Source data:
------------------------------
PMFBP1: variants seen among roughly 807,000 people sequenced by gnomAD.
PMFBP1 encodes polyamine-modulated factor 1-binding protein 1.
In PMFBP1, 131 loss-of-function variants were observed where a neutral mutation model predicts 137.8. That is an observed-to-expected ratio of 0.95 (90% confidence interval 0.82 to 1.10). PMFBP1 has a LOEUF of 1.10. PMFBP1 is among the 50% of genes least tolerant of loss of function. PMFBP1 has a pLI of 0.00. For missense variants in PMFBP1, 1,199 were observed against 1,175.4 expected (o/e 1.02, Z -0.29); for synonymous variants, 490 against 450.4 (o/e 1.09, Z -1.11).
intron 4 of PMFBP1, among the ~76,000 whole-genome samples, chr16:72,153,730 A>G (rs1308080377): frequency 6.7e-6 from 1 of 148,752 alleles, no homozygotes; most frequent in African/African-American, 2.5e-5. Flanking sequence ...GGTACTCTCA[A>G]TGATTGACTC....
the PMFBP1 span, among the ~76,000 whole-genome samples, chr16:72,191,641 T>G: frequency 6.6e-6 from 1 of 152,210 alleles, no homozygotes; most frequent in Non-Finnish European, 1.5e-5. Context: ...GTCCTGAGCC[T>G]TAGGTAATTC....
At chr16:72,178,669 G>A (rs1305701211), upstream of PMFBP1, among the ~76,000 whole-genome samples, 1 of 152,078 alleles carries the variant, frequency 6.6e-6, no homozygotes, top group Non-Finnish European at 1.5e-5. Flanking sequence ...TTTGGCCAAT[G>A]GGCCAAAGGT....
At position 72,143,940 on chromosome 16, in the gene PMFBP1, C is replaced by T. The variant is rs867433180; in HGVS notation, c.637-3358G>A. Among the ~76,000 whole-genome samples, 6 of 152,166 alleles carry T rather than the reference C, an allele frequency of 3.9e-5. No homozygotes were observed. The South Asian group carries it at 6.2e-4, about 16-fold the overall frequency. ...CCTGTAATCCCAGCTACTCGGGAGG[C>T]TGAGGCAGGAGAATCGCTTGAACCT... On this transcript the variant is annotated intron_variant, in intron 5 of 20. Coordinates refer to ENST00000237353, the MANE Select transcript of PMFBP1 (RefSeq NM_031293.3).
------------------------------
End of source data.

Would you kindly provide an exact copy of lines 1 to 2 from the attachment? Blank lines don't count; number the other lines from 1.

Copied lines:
PMFBP1: variants seen among roughly 807,000 people sequenced by gnomAD.
PMFBP1 encodes polyamine-modulated factor 1-binding protein 1.